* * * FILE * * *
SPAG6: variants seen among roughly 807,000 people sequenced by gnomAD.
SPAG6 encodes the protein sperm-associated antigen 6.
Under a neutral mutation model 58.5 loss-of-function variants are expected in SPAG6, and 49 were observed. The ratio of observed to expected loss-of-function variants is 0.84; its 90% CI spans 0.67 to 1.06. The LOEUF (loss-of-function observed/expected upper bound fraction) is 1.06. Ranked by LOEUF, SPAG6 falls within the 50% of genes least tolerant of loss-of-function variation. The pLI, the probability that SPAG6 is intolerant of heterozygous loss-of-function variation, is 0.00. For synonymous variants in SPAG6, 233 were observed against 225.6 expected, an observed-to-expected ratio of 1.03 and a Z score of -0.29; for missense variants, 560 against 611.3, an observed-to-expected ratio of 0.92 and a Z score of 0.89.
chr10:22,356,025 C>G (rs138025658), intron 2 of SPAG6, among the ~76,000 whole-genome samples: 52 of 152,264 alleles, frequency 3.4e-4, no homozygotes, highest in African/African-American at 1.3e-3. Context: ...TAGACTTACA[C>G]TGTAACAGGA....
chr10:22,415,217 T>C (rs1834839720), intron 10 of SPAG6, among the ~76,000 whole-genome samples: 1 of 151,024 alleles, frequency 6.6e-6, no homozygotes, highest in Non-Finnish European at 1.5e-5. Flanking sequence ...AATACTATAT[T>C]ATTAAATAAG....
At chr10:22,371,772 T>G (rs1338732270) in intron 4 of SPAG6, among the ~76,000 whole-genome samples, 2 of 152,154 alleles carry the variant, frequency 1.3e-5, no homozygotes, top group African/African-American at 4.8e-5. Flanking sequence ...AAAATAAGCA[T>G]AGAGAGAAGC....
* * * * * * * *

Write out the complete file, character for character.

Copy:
SPAG6: variants seen among roughly 807,000 people sequenced by gnomAD.
SPAG6 encodes the protein sperm-associated antigen 6.
Under a neutral mutation model 58.5 loss-of-function variants are expected in SPAG6, and 49 were observed. The ratio of observed to expected loss-of-function variants is 0.84; its 90% CI spans 0.67 to 1.06. The LOEUF (loss-of-function observed/expected upper bound fraction) is 1.06. Ranked by LOEUF, SPAG6 falls within the 50% of genes least tolerant of loss-of-function variation. The pLI, the probability that SPAG6 is intolerant of heterozygous loss-of-function variation, is 0.00. For synonymous variants in SPAG6, 233 were observed against 225.6 expected, an observed-to-expected ratio of 1.03 and a Z score of -0.29; for missense variants, 560 against 611.3, an observed-to-expected ratio of 0.92 and a Z score of 0.89.
chr10:22,356,025 C>G (rs138025658), intron 2 of SPAG6, among the ~76,000 whole-genome samples: 52 of 152,264 alleles, frequency 3.4e-4, no homozygotes, highest in African/African-American at 1.3e-3. Context: ...TAGACTTACA[C>G]TGTAACAGGA....
chr10:22,415,217 T>C (rs1834839720), intron 10 of SPAG6, among the ~76,000 whole-genome samples: 1 of 151,024 alleles, frequency 6.6e-6, no homozygotes, highest in Non-Finnish European at 1.5e-5. Flanking sequence ...AATACTATAT[T>C]ATTAAATAAG....
At chr10:22,371,772 T>G (rs1338732270) in intron 4 of SPAG6, among the ~76,000 whole-genome samples, 2 of 152,154 alleles carry the variant, frequency 1.3e-5, no homozygotes, top group African/African-American at 4.8e-5. Flanking sequence ...AAAATAAGCA[T>G]AGAGAGAAGC....